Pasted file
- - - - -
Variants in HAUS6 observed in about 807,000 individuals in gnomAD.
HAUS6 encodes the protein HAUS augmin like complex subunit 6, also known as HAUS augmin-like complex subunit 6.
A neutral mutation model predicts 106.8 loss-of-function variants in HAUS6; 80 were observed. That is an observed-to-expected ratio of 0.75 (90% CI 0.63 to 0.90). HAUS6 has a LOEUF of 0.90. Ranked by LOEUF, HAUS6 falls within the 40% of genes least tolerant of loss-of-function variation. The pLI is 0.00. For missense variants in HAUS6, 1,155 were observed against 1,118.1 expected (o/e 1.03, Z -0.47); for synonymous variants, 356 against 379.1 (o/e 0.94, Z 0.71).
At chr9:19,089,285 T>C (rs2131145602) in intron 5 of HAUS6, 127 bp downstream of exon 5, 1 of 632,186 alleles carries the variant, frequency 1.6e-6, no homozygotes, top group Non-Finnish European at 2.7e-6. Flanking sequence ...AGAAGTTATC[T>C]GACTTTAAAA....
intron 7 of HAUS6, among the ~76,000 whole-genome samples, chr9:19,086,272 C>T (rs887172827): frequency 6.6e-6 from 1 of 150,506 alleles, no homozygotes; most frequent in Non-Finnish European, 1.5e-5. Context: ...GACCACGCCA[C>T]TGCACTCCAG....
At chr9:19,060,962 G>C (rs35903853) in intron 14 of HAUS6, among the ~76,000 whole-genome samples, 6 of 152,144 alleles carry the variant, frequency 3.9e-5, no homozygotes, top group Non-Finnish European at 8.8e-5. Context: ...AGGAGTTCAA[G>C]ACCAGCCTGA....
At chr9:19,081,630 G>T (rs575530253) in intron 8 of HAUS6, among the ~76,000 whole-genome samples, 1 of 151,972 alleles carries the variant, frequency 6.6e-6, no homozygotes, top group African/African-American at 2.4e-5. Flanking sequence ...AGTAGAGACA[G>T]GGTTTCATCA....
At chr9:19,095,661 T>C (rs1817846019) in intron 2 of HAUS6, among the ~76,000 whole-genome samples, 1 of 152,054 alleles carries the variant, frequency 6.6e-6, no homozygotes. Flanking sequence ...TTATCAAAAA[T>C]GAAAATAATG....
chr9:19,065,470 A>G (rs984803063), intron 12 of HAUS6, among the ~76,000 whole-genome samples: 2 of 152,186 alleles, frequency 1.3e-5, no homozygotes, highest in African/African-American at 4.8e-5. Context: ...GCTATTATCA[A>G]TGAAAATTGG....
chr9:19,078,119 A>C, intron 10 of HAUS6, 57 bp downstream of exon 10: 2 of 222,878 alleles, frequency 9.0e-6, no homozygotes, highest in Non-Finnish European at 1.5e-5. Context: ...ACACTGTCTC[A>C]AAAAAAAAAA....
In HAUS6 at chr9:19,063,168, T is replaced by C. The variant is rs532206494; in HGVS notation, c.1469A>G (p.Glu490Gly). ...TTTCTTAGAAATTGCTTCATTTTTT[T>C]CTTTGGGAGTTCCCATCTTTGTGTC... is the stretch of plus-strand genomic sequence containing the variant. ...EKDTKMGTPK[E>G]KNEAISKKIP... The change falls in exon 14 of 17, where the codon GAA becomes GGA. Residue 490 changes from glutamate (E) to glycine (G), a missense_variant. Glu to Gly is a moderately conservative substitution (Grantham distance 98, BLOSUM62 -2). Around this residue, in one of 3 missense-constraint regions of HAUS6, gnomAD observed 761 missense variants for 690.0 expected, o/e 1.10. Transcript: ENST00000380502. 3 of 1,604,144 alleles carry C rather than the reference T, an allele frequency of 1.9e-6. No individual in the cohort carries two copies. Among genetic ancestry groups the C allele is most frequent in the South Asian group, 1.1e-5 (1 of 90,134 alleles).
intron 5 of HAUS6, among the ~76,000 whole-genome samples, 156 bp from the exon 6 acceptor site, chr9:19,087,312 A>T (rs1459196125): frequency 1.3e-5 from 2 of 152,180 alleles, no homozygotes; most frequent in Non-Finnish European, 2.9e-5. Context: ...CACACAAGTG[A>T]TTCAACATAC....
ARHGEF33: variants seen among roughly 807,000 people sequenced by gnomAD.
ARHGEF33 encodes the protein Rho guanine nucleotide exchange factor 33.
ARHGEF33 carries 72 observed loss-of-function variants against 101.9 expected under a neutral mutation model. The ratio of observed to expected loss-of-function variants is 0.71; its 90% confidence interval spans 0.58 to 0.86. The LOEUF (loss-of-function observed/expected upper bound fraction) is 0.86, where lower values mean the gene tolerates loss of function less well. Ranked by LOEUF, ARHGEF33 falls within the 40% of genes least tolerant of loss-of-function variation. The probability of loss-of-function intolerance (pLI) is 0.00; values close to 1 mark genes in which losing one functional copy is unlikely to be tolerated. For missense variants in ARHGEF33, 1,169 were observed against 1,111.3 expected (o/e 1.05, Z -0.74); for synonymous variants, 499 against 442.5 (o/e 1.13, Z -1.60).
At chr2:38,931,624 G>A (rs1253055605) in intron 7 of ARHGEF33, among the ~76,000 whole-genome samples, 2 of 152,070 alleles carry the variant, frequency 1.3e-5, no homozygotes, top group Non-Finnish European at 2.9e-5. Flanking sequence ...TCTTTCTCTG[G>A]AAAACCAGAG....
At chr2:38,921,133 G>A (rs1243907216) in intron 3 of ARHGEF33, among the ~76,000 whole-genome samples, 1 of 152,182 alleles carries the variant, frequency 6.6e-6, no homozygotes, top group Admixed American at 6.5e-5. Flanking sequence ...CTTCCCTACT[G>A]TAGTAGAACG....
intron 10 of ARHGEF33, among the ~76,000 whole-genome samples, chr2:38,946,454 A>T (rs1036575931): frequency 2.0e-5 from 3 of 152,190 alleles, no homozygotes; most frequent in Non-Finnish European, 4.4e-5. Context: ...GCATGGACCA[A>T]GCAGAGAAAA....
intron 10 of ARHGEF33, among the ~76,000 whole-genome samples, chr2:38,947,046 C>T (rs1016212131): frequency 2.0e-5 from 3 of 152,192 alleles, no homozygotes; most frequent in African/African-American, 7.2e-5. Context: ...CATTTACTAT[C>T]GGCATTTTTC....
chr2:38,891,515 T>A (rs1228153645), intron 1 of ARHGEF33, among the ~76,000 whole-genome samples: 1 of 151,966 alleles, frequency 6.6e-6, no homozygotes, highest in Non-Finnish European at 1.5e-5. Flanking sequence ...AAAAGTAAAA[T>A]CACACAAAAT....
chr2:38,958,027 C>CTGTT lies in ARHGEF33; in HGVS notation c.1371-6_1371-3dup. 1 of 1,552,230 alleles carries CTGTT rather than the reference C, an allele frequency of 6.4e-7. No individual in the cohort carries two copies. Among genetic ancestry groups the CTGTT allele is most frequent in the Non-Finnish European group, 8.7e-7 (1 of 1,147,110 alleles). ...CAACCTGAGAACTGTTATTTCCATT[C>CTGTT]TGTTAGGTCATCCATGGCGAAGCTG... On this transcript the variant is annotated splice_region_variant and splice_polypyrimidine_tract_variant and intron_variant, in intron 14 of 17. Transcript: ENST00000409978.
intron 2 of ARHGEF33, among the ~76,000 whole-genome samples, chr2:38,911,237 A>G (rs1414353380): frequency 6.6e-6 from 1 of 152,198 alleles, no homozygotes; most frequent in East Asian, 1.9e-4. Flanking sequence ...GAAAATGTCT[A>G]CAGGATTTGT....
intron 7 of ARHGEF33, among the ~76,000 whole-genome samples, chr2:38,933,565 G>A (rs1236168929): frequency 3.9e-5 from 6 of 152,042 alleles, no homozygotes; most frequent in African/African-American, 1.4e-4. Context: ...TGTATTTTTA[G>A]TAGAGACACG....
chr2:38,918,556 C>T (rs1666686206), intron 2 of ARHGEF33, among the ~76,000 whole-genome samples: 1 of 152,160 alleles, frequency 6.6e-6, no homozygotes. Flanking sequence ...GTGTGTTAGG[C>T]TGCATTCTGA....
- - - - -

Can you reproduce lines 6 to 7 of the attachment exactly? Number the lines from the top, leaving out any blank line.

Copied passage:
At chr9:19,060,962 G>C (rs35903853) in intron 14 of HAUS6, among the ~76,000 whole-genome samples, 6 of 152,144 alleles carry the variant, frequency 3.9e-5, no homozygotes, top group Non-Finnish European at 8.8e-5. Context: ...AGGAGTTCAA[G>C]ACCAGCCTGA....
At chr9:19,081,630 G>T (rs575530253) in intron 8 of HAUS6, among the ~76,000 whole-genome samples, 1 of 151,972 alleles carries the variant, frequency 6.6e-6, no homozygotes, top group African/African-American at 2.4e-5. Flanking sequence ...AGTAGAGACA[G>T]GGTTTCATCA....